Core tip: A large proportion of Korean adults with chronic hepatitis B have poor health behaviors, particularly in terms of smoking and alcohol consumption. High-risk alcohol consumption and physical inactivity are significantly associated with selfperceived health status. Because it is a risk factor for hepatocellular carcinoma, individuals with chronic hepatitis B should maintain a healthy lifestyle. They should be encouraged to improve their health behaviors and participate in appropriate education programs.



INTRODUCTION

Hepatitis B is an important public health issue in the Asia-Pacific region. It is estimated that 240 million people are infected with hepatitis B virus (HBV)[1]. Chronic HBV infection may cause premature death from uncompensated liver cirrhosis and hepatocellular carcinoma (HCC). Primary liver cancer is the second leading cause of cancer-related mortality[2]. Chronic HBV infection, cirrhosis, and hepatitis C viral infection are established risk factors for HCC[2]. The modifiable risk factors for HCC include lifetime alcohol consumption[3,4], tobacco smoking[5], obesity[6], diabetes[6], nonalcoholic fatty liver disease[7], and socioeconomic status[3]. Indeed, lifetime moderate alcohol use may cause HCC in older people, and diabetes may increase the risk of HCC independently of cirrhosis[8,9].

Health-related behaviors such as tobacco smoking, alcohol consumption, body weight status, sleep duration, and physical activity are important for the management of chronic medical conditions[10,11]. Smoking, physical activity, and alcohol consumption are the most critical behavioral determinants of health[12]. Furthermore, health behaviors are important following the onset of disease, because they can reduce disease severity and risk of recurrence and increase survival duration[12]. Modification of health behaviors is a particularly important intervention for patients with chronic hepatitis B.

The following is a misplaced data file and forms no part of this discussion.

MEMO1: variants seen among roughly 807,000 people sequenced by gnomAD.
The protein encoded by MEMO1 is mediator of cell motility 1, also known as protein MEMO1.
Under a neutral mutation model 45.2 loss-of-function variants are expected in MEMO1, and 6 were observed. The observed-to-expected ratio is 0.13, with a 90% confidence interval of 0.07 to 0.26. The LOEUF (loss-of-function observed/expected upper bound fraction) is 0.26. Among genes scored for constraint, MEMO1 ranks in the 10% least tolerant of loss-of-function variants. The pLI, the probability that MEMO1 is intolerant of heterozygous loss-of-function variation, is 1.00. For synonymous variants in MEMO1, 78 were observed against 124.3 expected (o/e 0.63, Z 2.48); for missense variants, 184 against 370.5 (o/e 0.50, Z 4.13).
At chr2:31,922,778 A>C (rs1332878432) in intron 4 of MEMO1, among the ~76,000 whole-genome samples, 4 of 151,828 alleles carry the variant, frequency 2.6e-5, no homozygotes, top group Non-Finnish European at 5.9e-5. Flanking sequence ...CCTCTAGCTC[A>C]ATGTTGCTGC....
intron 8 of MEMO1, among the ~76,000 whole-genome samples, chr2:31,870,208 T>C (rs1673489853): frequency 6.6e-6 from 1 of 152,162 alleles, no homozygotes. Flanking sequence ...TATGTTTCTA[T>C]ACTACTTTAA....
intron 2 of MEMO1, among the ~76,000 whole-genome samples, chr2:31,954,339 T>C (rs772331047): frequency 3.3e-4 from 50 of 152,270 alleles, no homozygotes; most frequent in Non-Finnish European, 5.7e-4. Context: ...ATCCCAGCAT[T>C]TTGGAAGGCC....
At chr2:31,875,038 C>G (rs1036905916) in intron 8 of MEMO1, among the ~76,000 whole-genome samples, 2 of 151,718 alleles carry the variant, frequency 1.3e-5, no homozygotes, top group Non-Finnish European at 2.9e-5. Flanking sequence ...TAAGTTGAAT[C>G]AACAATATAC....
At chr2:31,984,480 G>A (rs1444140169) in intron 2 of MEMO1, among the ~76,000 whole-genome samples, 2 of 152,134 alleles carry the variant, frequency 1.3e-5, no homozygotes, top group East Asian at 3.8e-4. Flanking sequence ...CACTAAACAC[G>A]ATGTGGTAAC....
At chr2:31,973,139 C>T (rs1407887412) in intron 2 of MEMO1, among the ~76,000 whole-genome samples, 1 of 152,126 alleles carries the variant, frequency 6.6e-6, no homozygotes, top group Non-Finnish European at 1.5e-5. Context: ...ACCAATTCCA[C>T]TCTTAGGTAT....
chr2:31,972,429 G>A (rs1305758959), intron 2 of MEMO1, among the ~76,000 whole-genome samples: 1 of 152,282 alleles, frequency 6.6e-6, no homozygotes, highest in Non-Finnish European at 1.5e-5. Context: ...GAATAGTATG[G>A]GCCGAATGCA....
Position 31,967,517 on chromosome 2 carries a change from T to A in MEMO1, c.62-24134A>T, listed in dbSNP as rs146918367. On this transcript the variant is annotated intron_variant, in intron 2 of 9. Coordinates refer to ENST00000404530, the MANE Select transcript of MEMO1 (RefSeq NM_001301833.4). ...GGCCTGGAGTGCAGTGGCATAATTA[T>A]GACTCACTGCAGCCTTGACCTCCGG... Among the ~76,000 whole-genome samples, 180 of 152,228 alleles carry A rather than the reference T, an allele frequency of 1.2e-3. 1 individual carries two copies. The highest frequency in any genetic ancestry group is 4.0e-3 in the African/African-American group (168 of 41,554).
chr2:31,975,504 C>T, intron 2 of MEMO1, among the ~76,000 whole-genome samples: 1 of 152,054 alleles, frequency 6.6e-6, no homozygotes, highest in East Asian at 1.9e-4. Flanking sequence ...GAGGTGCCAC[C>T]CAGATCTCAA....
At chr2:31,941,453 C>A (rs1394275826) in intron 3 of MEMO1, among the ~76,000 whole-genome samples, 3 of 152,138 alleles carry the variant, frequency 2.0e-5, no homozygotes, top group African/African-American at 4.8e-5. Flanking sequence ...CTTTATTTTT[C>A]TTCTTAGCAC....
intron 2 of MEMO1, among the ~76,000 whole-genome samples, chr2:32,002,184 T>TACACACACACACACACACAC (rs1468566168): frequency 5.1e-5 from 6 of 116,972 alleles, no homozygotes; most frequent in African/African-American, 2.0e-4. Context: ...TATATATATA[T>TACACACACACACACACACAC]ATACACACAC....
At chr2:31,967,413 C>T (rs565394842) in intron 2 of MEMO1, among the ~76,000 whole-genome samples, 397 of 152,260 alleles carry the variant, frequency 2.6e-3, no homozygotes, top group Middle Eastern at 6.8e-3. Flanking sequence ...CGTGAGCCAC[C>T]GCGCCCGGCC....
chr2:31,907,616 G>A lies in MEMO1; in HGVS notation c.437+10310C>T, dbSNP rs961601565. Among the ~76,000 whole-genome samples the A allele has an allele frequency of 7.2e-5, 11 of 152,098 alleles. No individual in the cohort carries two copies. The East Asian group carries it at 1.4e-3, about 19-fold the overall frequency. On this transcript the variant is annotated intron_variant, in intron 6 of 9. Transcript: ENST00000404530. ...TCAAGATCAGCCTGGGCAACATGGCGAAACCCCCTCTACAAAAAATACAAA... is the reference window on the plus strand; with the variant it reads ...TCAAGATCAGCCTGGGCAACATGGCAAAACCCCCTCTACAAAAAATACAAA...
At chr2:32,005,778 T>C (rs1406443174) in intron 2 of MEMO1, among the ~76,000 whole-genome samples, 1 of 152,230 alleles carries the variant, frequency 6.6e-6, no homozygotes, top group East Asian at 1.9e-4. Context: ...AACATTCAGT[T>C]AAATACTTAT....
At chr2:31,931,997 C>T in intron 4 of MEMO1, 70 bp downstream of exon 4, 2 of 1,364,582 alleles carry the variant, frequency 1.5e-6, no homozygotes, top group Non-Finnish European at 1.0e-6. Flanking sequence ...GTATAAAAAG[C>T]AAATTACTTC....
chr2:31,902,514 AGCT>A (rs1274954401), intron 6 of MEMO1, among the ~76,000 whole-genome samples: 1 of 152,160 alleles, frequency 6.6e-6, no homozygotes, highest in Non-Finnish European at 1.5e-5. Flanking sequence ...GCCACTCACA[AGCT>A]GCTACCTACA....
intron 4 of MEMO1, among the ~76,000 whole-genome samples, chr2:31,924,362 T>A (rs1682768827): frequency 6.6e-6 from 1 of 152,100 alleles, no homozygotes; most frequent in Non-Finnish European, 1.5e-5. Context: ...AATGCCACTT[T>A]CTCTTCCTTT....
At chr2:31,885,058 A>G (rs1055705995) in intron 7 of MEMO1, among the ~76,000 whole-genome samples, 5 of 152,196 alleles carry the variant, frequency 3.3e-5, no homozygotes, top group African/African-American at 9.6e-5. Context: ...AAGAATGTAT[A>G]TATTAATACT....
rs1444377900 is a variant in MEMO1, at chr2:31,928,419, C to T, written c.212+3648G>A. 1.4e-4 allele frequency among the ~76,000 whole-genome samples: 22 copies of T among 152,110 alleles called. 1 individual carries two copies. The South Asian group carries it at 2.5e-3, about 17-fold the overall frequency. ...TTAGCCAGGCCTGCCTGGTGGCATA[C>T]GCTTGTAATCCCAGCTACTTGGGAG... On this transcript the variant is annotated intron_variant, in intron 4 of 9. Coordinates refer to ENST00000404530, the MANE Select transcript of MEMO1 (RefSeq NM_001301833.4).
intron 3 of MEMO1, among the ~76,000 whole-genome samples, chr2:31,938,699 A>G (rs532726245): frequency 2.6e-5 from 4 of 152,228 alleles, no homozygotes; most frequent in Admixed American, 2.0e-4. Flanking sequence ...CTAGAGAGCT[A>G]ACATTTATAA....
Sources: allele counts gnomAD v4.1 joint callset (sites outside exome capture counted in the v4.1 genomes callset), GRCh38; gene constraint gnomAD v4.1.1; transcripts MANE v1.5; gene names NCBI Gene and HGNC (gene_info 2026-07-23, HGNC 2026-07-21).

High-quality chronic-care systems that include preventive management of health behaviors are needed to improve the quality of life of patients with chronic conditions[13]. Subjective awareness of health status can be used to evaluate one’s own health and the prognosis of various chronic diseases[14]. To our knowledge, little is known about the relationships between health behaviors and subjective health status.

In this study, we evaluated the frequencies of five health-related behaviors (smoking, alcohol consumption, body weight, sleep duration, and physical activity) in Korean adults with hepatitis B. We also examined the association between these health behaviors and self-perceived health status.

MATERIALS AND METHODS
Data resources

Data were obtained from the 2016 Korean National Health and Nutrition Examination Survey (KNHANES). The KNHANES is a nationwide representative cross-sectional survey conducted by the Korea Center for Disease Control and Prevention (KCDC) beginning in 1998. The KNHANES is an ongoing survey that assesses the health status of Koreans and monitors the trends in health risk factors and the prevalence of major chronic diseases in Korea[15]. The KNHANES comprises a complex, stratified, multistage sample in which household units are selected according to geographic area, sex, and age group. Informed consent was obtained from all of the subjects. The 2016 KNHANES response rate was 72.2% for the interview and health examination. This study involved 5887 subjects (2568 males, 3319 females) over 19 years of age.

Measures

The interview and health examinations were performed by a trained interviewer and medical staff using calibrated equipment according to a standardized protocol. The interviewer collected demographic characteristics including housing characteristics, medical conditions, socioeconomic status, and education levels. The self-administered questionnaire included questions on smoking status, alcohol use, physical activity, sleep health, and weight control. The health examination was conducted in a mobile examination center and consisted of a physical examination, anthropometric measurements, and blood and urine laboratory tests. Height and weight were measured to the nearest 0.1 cm and 0.1 kg, respectively, using a standard protocol. Body mass index (BMI) was calculated as body weight (kg) divided by height in meters squared (m2). Waist circumference was measured at the end of a normal expiration of breath and to the nearest 0.1 cm. Blood pressure was measured using an automated blood pressure measurement device. Blood and urine samples were subsequently analyzed at a certified laboratory. The performance of this laboratory analysis was monitored by a laboratory data quality-control program to ensure that the data met the accuracy standard[15]. Hepatitis B surface antigen (HBsAg) levels were measured using Elecsys HBsAgII (Roche/Germany) electrochemiluminescence immunoassay (ELICA). Subjects were classified as HBsAg positive or negative (hereafter, the negative and positive groups) according to their serology results.

Definitions of health behaviors